Nanotechnology Project

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Environment, Health and Safety Research

A study of model beta-cells in Diabetes Treatment

Project Information

Principal InvestigatorConstantinidis, Ioannis
Project URLView
Relevance to ImplicationsSome
Class of NanomaterialGeneric
Impact SectorHuman Health
Broad Research Categories Hazard
Risk Assessment
NNI identifiera1-1

Funding Information

Anticipated Total Funding$4,768,315.00
Annual Funding$298,019.69
Funding SourceNIH
Funding Mechanism
Funding SectorGovernment
Start Year1995
Anticipated End Year2011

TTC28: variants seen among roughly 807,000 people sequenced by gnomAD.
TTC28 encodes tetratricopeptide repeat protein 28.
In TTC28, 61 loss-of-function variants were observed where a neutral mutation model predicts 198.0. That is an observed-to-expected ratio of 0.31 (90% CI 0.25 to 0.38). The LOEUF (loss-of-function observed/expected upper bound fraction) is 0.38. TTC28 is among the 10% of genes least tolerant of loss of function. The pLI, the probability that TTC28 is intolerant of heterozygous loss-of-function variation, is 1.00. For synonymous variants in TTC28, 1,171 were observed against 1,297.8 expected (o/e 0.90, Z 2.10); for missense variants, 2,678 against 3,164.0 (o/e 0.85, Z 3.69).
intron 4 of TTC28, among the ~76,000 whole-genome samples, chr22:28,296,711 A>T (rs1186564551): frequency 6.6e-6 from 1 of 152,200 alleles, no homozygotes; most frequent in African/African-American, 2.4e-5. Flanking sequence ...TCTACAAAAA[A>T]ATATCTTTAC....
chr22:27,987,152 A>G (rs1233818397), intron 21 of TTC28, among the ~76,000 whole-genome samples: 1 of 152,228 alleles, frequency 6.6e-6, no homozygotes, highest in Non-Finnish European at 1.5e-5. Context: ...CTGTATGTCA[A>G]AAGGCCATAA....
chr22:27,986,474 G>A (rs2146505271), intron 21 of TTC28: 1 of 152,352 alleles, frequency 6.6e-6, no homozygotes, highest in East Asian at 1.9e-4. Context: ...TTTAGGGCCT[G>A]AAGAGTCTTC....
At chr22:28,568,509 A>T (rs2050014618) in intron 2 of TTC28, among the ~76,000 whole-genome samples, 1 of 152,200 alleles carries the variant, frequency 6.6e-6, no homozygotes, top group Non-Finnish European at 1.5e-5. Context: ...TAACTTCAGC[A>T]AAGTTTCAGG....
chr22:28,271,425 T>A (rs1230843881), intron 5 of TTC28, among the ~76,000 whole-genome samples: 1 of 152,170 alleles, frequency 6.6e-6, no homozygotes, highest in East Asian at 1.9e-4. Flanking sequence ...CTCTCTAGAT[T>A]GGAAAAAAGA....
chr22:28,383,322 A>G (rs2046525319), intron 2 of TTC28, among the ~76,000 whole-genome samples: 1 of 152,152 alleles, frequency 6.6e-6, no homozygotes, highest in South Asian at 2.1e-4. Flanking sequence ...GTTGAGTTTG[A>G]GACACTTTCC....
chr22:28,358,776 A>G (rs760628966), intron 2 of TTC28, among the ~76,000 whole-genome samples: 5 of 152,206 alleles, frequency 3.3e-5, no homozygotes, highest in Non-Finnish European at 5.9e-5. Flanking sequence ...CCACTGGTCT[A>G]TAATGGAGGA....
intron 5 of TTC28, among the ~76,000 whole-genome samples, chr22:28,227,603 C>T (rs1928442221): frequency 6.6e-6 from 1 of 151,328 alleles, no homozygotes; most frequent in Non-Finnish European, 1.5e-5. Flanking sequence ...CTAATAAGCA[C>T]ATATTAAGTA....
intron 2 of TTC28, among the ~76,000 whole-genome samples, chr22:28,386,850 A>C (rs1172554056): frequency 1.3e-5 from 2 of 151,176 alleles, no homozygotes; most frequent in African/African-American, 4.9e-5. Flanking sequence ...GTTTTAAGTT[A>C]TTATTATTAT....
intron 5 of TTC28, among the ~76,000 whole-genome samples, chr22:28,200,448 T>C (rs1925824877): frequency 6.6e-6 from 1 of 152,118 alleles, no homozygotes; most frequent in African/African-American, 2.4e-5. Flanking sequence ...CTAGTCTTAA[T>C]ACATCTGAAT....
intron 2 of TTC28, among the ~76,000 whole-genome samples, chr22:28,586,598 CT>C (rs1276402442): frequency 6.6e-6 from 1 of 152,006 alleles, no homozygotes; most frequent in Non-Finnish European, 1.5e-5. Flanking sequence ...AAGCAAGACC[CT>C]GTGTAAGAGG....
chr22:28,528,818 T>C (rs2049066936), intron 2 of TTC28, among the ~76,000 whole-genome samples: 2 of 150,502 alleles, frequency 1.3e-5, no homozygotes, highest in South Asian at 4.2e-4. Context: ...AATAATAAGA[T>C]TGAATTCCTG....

The main criterion in assessing the therapeutic efficacy of tissue engineered construct is the successful restoration of the host’s physiology. Direct and non-invasive in vivo monitoring of a construct is of great importance for the following reasons: it provides correlations between construct function and physiologic effects post-implantation in vivo; and it offers the possibility of assessing changes in construct function that may be used to develop early markers of construct failure in advance of the end-point effects. The overall objective of the proposed research is to develop a noninvasive methodology to monitor in vivo the function of an implanted tissue engineered pancreatic substitute. NMR is uniquely suited to perform such studies since it is a non-invasive modality that has the ability to probe into the intracellular metabolism of the construct, and to view the anatomy of the host at the site of implantation. NMR spectroscopic and imaging techniques can monitor several intracellular and extracellular metabolites without necessitating the introduction of foreign agents or the fixation of cells. It is our hypothesis that NMR detectable metabolic indexes can be used to monitor the function of an implanted tissue engineered pancreatic substitute and provide early indicators of implant failure while the recipient is still euglycemic. The NMR nuclei examined in this study include 1H, 19F and 31P, while the model pancreatic construct utilized is composed of mouse insulinoma #TC-tet cells or mouse islets encapsulated in alginate/poly-L- lysine/alginate beads and contained within an agarose matrix that allows for easy retrieval. The following Specific Aims are designed to address our hypothesis: Specific Aim 1: To optimize in vivo NMR signal acquisition with inductively coupled RF-coils. Specific Aim 2: To develop and validate a model of time-dependent oxygen and cell density gradients within constructs. Specific Aim 3: To non-invasively assess the function of an implanted tissue engineered pancreatic substitute and correlate that to end point physiologic events. We believe this to be a thorough, quantitative and a significant study to monitor the function of an implanted tissue engineered substitute that will identify metabolic events associated with failure ahead of its end physiologic effect. Proposed experiments are founded on strong preliminary data and we are confident that they will pave the way for further imaging studies in tissue engineering.